House Proposes Bipartisan Bill to Extend Ex-Im Bank

On Oct. 14, two senior House lawmakers unveiled a bipartisan bill to reauthorize the Export-Import Bank of the U.S. (Ex-Im Bank) and impose new requirements intended to protect taxpayers. The measure would provide for a long-term extension of the Bank’s charter along with a number of reforms in areas such as governance, anti-corruption safeguards, and ways to further facilitate small business exporting.

As the official export credit agency of the U.S., Ex-Im Bank helps finance American exports of manufactured goods and services, with the objective of contributing to the employment of the U.S. workforce, primarily in circumstances when alternative financing is not available.

The unveiling of this proposal, drafted by House Financial Services Committee Vice Chairman Gary Miller (R- Calif.), and Ranking Member Maxine Waters (D- Calif.), occurs in the midst of a deep political divide in Congress on whether the Bank should be reauthorized. In September, Congress extended the Bank’s charter for nine months, through June 30, 2015, when lawmakers also voted to keep the government running until Dec. 11.

The bill seeks to find a middle ground by combining a long-term reauthorization of Ex-Im Bank for five years through Sept. 30, 2019 with new requirements to safeguard taxpayers through reinforcing its risk and fraud protections. While the measure is not expected to get much traction in the current Congress, it could potentially serve as a foundation for a compromise in the coming year.

Among other things, the proposed bill includes the following:

  • Enhanced Bank Loan-Loss Reserve: Requires the Bank to allocate 50 percent of its net earnings each year to a loan-loss reserve fund until the amount contained in the reserve fund equals 95 percent of the losses that could occur under a worst-case stress test scenario reported in the Bank’s quarterly default report, or 5 percent of the total outstanding exposure of the Bank at the end of each fiscal year.
  • Reauthorization of Information Technology Updating: The bill reauthorizes the authority for the Bank to utilize administrative funds equal to 1.25 percent of the Bank surplus, but no more than $20 million consistent with current law, for updates to the Bank’s information technology systems infrastructure, through 2019.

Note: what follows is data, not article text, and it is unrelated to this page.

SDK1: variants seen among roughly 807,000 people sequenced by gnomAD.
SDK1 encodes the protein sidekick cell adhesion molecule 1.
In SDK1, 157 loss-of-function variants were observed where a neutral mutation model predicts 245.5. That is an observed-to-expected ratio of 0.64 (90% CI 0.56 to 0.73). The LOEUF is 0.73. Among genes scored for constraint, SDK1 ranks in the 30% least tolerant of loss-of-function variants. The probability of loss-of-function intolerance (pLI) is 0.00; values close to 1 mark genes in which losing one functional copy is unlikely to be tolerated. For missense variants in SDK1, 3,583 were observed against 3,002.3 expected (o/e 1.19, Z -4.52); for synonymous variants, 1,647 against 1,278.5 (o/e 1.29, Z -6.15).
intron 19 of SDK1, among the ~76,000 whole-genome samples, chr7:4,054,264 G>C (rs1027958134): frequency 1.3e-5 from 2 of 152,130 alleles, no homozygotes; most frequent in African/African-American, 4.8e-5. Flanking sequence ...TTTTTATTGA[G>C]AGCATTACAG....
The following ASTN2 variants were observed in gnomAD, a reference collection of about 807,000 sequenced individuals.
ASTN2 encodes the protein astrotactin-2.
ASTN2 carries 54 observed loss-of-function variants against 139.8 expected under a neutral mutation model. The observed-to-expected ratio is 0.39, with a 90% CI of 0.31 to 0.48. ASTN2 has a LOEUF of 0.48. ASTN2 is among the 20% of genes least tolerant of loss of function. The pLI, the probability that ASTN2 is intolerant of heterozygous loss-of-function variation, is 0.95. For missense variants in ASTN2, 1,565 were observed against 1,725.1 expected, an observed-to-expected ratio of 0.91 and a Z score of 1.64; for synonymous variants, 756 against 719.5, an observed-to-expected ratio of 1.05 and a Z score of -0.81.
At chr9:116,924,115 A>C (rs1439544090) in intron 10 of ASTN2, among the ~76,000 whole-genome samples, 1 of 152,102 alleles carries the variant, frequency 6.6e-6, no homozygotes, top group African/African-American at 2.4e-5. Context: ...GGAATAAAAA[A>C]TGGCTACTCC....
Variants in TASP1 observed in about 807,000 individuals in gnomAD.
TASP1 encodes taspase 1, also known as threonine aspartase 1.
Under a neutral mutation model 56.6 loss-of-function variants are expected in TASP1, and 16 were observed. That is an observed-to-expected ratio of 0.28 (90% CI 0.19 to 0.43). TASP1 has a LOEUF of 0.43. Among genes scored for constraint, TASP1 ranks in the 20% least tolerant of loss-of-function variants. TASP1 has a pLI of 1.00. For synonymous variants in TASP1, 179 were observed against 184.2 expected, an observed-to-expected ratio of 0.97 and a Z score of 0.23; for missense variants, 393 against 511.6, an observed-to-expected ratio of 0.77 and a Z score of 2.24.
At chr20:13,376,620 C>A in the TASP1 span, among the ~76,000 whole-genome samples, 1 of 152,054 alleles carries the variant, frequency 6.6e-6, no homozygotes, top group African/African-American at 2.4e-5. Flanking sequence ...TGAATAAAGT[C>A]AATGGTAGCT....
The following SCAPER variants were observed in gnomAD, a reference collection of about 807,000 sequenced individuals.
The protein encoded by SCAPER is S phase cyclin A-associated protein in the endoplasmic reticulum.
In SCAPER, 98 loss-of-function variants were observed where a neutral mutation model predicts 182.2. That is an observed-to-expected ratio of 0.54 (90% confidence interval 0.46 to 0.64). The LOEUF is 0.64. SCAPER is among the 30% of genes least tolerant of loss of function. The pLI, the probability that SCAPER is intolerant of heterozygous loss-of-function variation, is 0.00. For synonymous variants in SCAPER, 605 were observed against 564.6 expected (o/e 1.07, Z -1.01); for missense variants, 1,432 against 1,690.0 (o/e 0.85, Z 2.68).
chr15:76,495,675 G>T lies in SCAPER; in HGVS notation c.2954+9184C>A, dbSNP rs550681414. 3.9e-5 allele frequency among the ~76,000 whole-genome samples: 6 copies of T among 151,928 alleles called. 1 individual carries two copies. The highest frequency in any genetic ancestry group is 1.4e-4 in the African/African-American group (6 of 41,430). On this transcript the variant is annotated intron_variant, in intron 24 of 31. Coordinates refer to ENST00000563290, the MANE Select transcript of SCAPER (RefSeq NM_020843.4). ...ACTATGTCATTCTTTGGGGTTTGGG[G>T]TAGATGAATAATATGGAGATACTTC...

• Financial Institution Risk Sharing Pilot Program: The bill includes, efforts to incentivize private banks to play a greater role in export assistance by establishing a financial institution risk-sharing pilot program. The pilot program would allow private banks to share risk in the Bank’s long-term guarantee program up to $1 billion annually in exchange for receiving fees received from the participants in that program, commensurate with the level of risk taken by any private participant in the pilot program.
  • Reporting of Waste, Fraud, and Corruption: Requires the Bank to develop a policy and mechanism to inform Bank staff and recipients of Bank support of how to report suspected waste, fraud, and corruption, including by publicizing the contact information for the Inspector General or another similar hotline number in transaction documents and in a prominent location of the homepage of the Bank website.
  • Increased Participation by Private Partners: The bill requires the advisory committee to make recommendations to the Bank on ways to encourage increased participation by private financial institutions in providing outreach about the Bank to small businesses.
  • Technical Assistance for Small Businesses: The bill requires the Bank to provide technical assistance to small businesses on how to apply for financial assistance provided by the Bank—such as training classes and online
  • Report on Indirect Bank Support for Small- and Medium-Sized Companies: Requires the Bank to include in its annual report to Congress an analysis of how, and the extent to which, the Bank provides indirect support to small and medium-sized companies through the supply chains of medium-sized and large companies that receive Ex-Im Bank assistance.
  • Publish a Business Plan: The bill would not increase the Bank’s $140 billion credit-exposure limit, instead it would requires the Bank to publish a business plan within one year providing an estimate of the appropriate credit-exposure limits, and subsequent business plans every two years thereafter through 2019. The plan should include justification for the estimate, an estimate of any anticipated growth of the Bank over the next two years, an analysis of the potential for increased/decreased risk of loss to the Bank, and an analysis of the ability of the Bank to meet its mandates with respect to small business.

NSBA has been an outspoken proponent of reauthorizing the Bank, as it is often the only financing resource available to many small exporting firms. Additionally, it was recently announced that for fiscal year 2014, Ex-Im returned $675 million to the U.S. Treasury, money earned from interest and fees.

Please click here for the bill’s full text, and here for the summary.